was just trying to figure out if the board works at all ! once I compile it they all stop illuminating then when I disconnect the USB and plug it back in the buttons, LED 1 & 2 and also the pot all start working again until I try to compile it...
First of all, I apologize for the misinformation in my previous post. I had been using some older demo code. The current version from the link I gave is completely functional, consistent with all of the description on the web page. Sorry.
So, here's a fresh start:
- Unzip the zip file.
- Plug a USB cable from your PC into the micro-B connector on the PIC24F Curiosity board.
- Start MPLABX and open the project.
- Right-click the PIC24F_Curiosity_Board_Demo thing in the Projects window.
- It shows "Simulator" selected as the Hardware tool.
- Scroll down select the "PIC24F Curiosity" item under Microchip Kits (PKOB).
- Select your XC16 compiler version. I'm using version 1.40, but, as far as I know, any version will work. Select your version.
- Click OK
Now, click the "Make and Program Device" icon on the menu bar. Here's where some beginners (and some not-so-beginners) bog down. It may have to update the PKOB firmware, and I have found that the first attempt is likely to fail. Just try the "Make and Program Device" again. If it still fails, then you may have to do other steps like unplugging and plugging the USB cable and going through the Properties menu again. Different things work for different folks.
Anyhow, once it is programmed successfully, the RGB LED will be illuminated. As you vary the potenometer setting, the color changes from pretty Green to sort of Orange. At least that's my observation.
Press S1: LED1 goes on. Release S1 LED1 goes off.
Now when you vary the pot setting it goes the tri-color LED goes from Blue to Green. (Or at least, something other than the colors from the original load.)
Play around with setttings. By pressing S1 and/or S2 and varying the pot each time.
Now: Press the Reset button on the Curiosity board. Operation reverts to the condition that was in effect immediately after programming. Play around a few times more.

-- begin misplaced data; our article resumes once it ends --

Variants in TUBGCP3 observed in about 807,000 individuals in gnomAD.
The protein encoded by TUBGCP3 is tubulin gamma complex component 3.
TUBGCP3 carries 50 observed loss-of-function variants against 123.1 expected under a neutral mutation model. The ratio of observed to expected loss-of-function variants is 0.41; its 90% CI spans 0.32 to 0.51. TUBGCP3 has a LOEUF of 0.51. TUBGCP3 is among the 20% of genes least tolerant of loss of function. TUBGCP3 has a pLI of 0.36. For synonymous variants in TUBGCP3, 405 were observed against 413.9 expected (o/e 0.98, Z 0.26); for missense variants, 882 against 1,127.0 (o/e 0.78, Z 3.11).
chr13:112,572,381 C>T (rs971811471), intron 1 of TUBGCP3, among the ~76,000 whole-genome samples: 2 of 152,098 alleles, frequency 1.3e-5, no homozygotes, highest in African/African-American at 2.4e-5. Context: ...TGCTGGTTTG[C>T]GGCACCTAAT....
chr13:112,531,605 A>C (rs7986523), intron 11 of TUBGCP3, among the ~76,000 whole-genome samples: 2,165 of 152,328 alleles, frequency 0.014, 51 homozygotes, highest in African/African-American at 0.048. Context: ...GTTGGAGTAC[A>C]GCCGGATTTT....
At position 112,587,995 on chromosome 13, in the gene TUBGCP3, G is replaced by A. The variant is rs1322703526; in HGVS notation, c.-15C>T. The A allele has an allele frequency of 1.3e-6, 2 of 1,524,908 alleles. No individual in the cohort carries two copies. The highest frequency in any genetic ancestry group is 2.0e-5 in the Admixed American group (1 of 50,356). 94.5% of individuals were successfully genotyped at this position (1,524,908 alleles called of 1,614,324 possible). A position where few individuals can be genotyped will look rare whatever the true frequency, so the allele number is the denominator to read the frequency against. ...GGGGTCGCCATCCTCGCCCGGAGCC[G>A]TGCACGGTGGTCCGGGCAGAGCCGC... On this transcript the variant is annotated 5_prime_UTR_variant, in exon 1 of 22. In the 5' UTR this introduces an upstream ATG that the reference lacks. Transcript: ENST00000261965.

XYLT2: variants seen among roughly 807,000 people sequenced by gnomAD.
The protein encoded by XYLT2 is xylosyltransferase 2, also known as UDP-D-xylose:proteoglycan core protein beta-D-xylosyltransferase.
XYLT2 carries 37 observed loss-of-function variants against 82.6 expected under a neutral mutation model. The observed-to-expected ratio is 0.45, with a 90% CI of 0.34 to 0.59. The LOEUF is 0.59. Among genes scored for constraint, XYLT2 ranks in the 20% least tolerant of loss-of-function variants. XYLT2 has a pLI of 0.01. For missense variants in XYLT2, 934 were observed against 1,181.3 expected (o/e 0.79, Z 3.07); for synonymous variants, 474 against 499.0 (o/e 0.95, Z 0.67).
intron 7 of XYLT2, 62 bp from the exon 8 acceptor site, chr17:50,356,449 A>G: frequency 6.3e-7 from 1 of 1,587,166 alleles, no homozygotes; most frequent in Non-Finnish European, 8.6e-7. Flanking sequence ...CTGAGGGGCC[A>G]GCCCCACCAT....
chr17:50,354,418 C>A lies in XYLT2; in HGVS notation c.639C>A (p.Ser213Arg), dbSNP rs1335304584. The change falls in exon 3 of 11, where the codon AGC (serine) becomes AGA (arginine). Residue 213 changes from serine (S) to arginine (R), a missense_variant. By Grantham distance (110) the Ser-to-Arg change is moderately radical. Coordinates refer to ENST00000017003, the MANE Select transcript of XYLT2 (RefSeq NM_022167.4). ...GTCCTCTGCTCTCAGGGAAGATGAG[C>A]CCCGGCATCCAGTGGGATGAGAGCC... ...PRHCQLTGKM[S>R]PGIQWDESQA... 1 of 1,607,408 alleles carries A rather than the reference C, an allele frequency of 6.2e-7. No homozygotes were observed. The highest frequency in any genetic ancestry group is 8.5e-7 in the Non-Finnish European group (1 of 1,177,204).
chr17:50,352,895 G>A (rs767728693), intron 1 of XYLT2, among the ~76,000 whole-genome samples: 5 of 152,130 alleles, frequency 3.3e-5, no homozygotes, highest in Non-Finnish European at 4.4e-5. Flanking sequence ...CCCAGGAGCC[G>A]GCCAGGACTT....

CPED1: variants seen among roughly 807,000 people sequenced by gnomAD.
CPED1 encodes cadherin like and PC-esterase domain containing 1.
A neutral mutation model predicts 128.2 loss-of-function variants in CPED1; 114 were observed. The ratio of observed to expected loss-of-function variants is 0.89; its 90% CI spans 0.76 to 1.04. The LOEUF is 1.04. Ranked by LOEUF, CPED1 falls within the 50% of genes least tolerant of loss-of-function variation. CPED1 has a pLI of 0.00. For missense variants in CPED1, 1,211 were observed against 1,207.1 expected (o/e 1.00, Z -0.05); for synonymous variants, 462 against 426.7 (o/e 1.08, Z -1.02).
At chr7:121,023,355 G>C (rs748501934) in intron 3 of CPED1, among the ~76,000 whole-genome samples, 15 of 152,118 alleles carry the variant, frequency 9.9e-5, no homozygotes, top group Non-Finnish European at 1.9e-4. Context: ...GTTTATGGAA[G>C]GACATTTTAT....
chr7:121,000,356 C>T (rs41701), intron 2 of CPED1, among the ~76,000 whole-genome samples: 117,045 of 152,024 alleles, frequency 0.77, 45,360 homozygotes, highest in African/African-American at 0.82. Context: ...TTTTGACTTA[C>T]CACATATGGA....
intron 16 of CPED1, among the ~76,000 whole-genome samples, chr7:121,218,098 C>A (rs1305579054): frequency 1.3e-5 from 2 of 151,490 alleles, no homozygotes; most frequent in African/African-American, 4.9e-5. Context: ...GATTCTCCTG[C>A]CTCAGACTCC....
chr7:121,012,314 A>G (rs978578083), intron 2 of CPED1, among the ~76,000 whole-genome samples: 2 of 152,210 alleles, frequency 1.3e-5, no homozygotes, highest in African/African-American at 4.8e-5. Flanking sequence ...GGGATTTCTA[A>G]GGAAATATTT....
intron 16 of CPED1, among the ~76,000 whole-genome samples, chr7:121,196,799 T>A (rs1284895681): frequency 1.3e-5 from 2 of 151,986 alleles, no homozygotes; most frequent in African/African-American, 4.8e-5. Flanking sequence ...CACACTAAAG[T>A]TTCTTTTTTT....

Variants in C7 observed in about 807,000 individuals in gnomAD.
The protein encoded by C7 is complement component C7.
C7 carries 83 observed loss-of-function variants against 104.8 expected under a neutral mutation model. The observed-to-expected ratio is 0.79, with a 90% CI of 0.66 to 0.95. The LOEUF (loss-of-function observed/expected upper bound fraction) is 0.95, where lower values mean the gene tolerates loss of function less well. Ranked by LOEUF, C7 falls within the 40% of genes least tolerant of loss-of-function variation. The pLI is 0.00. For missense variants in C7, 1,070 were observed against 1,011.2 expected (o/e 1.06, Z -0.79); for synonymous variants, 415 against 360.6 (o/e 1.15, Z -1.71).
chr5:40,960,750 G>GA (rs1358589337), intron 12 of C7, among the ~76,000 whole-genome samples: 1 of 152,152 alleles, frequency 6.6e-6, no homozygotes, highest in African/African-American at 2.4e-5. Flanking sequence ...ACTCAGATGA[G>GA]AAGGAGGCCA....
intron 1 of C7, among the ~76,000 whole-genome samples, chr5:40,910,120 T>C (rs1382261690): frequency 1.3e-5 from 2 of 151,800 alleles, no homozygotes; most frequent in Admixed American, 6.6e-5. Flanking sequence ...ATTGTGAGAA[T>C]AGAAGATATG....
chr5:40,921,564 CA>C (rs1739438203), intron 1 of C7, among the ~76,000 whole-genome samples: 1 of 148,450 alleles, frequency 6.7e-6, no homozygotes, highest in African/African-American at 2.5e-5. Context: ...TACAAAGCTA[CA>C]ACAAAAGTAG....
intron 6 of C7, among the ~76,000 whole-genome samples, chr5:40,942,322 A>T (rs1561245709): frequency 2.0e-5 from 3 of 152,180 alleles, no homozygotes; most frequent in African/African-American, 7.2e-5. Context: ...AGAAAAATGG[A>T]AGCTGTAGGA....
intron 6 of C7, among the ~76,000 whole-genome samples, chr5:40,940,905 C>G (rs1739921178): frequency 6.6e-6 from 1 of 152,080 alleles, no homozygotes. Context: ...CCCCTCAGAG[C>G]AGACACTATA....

Unplug the USB cable and plug it in again. There will be a delay of a couple of seconds while the PKOB circuitry on the Curiosity board is initializing itself, then operation becomes the same as it was immediately after programming.
don't know why it's advertised for beginners
- If you use the Debug menu to program the device instead of "Make and Program Device" you will discover that it won't work unless you are actually debugging. That is, a reset or power cycle will not result in normal operation. People who have never used MPLABX might not realize that a Debug build puts additional code that makes "ordinary" operation (i.e. not using the debugger) not possible.
- My invitation to LOOK AT THE CODE might not be (probably won't be) be helpful to "beginners," since it there is a lot of stuff: Using a timer interrupt to process and debounce switch closures that change the state. Things like that. It can be an interesting demonstration of use of ADC and timers and interrupts, etc., and may be a useful learning experience and reference once they have got beyond the fundamentals, but not necessarily a good point for starting to learn about C and embedded programming in C and fundamentals of PIC24 programming in C.
- The part that is useful for "beginners" is that the hardware is set up with LEDs, Switches, a 32 kHz clock for secondary oscillator usage. There is a reset button and a programming interface that requires only a USB connection to your workstation; no external PICkit or other programmer is required, and no other power supply is required to get it up and running.
post edited by davekw7x - 2019/09/17 07:50:25